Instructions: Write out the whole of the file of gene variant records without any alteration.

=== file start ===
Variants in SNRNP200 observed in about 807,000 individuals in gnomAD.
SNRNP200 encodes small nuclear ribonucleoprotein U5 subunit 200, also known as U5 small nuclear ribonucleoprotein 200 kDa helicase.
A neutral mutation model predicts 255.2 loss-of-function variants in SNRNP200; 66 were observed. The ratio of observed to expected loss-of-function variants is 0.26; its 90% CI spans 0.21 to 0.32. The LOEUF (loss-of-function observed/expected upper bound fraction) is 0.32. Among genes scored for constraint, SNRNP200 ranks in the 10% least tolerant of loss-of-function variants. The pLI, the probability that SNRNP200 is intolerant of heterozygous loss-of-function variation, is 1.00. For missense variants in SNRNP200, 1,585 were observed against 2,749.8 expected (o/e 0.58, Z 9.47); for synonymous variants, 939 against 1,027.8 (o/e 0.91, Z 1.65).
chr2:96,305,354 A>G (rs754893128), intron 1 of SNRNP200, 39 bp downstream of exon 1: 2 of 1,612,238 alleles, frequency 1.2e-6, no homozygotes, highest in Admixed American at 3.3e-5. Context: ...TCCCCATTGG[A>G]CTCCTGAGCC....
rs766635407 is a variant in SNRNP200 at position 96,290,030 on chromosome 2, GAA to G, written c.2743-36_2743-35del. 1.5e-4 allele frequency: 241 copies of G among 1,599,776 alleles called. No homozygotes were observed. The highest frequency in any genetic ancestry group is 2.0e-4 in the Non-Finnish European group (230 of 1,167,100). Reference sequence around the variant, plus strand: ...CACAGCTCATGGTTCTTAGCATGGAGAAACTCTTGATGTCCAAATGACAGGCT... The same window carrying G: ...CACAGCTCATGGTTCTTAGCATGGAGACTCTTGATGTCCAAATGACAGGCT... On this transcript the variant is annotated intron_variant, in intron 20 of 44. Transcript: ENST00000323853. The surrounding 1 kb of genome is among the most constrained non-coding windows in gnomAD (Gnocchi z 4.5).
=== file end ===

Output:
Variants in SNRNP200 observed in about 807,000 individuals in gnomAD.
SNRNP200 encodes small nuclear ribonucleoprotein U5 subunit 200, also known as U5 small nuclear ribonucleoprotein 200 kDa helicase.
A neutral mutation model predicts 255.2 loss-of-function variants in SNRNP200; 66 were observed. The ratio of observed to expected loss-of-function variants is 0.26; its 90% CI spans 0.21 to 0.32. The LOEUF (loss-of-function observed/expected upper bound fraction) is 0.32. Among genes scored for constraint, SNRNP200 ranks in the 10% least tolerant of loss-of-function variants. The pLI, the probability that SNRNP200 is intolerant of heterozygous loss-of-function variation, is 1.00. For missense variants in SNRNP200, 1,585 were observed against 2,749.8 expected (o/e 0.58, Z 9.47); for synonymous variants, 939 against 1,027.8 (o/e 0.91, Z 1.65).
chr2:96,305,354 A>G (rs754893128), intron 1 of SNRNP200, 39 bp downstream of exon 1: 2 of 1,612,238 alleles, frequency 1.2e-6, no homozygotes, highest in Admixed American at 3.3e-5. Context: ...TCCCCATTGG[A>G]CTCCTGAGCC....
rs766635407 is a variant in SNRNP200 at position 96,290,030 on chromosome 2, GAA to G, written c.2743-36_2743-35del. 1.5e-4 allele frequency: 241 copies of G among 1,599,776 alleles called. No homozygotes were observed. The highest frequency in any genetic ancestry group is 2.0e-4 in the Non-Finnish European group (230 of 1,167,100). Reference sequence around the variant, plus strand: ...CACAGCTCATGGTTCTTAGCATGGAGAAACTCTTGATGTCCAAATGACAGGCT... The same window carrying G: ...CACAGCTCATGGTTCTTAGCATGGAGACTCTTGATGTCCAAATGACAGGCT... On this transcript the variant is annotated intron_variant, in intron 20 of 44. Transcript: ENST00000323853. The surrounding 1 kb of genome is among the most constrained non-coding windows in gnomAD (Gnocchi z 4.5).